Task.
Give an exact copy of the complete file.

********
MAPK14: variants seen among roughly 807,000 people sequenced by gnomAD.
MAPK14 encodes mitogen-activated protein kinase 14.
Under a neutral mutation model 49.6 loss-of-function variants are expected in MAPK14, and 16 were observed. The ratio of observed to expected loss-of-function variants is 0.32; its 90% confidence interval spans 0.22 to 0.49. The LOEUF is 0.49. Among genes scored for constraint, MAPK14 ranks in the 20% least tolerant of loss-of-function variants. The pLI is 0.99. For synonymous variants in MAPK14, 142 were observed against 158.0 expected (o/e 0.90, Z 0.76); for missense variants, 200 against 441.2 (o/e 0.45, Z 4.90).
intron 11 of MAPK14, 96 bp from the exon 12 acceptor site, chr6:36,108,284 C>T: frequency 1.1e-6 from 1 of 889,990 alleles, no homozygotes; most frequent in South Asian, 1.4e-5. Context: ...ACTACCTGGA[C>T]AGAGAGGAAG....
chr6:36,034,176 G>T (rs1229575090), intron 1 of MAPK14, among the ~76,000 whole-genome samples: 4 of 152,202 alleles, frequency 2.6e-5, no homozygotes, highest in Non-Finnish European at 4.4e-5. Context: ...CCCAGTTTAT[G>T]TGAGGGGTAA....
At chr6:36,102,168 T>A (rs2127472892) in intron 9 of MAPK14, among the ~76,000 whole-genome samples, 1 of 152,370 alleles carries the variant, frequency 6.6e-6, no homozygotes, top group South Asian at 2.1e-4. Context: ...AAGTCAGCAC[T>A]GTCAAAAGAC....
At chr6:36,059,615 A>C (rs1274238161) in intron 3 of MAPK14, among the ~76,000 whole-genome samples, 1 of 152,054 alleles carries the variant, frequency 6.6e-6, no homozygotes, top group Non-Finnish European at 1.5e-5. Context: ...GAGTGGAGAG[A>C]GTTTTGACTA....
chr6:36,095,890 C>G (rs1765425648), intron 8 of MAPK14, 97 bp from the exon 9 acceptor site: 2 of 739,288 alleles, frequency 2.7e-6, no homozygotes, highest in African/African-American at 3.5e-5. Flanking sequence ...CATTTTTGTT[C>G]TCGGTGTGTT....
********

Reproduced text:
MAPK14: variants seen among roughly 807,000 people sequenced by gnomAD.
MAPK14 encodes mitogen-activated protein kinase 14.
Under a neutral mutation model 49.6 loss-of-function variants are expected in MAPK14, and 16 were observed. The ratio of observed to expected loss-of-function variants is 0.32; its 90% confidence interval spans 0.22 to 0.49. The LOEUF is 0.49. Among genes scored for constraint, MAPK14 ranks in the 20% least tolerant of loss-of-function variants. The pLI is 0.99. For synonymous variants in MAPK14, 142 were observed against 158.0 expected (o/e 0.90, Z 0.76); for missense variants, 200 against 441.2 (o/e 0.45, Z 4.90).
intron 11 of MAPK14, 96 bp from the exon 12 acceptor site, chr6:36,108,284 C>T: frequency 1.1e-6 from 1 of 889,990 alleles, no homozygotes; most frequent in South Asian, 1.4e-5. Context: ...ACTACCTGGA[C>T]AGAGAGGAAG....
chr6:36,034,176 G>T (rs1229575090), intron 1 of MAPK14, among the ~76,000 whole-genome samples: 4 of 152,202 alleles, frequency 2.6e-5, no homozygotes, highest in Non-Finnish European at 4.4e-5. Context: ...CCCAGTTTAT[G>T]TGAGGGGTAA....
At chr6:36,102,168 T>A (rs2127472892) in intron 9 of MAPK14, among the ~76,000 whole-genome samples, 1 of 152,370 alleles carries the variant, frequency 6.6e-6, no homozygotes, top group South Asian at 2.1e-4. Context: ...AAGTCAGCAC[T>A]GTCAAAAGAC....
At chr6:36,059,615 A>C (rs1274238161) in intron 3 of MAPK14, among the ~76,000 whole-genome samples, 1 of 152,054 alleles carries the variant, frequency 6.6e-6, no homozygotes, top group Non-Finnish European at 1.5e-5. Context: ...GAGTGGAGAG[A>C]GTTTTGACTA....
chr6:36,095,890 C>G (rs1765425648), intron 8 of MAPK14, 97 bp from the exon 9 acceptor site: 2 of 739,288 alleles, frequency 2.7e-6, no homozygotes, highest in African/African-American at 3.5e-5. Flanking sequence ...CATTTTTGTT[C>G]TCGGTGTGTT....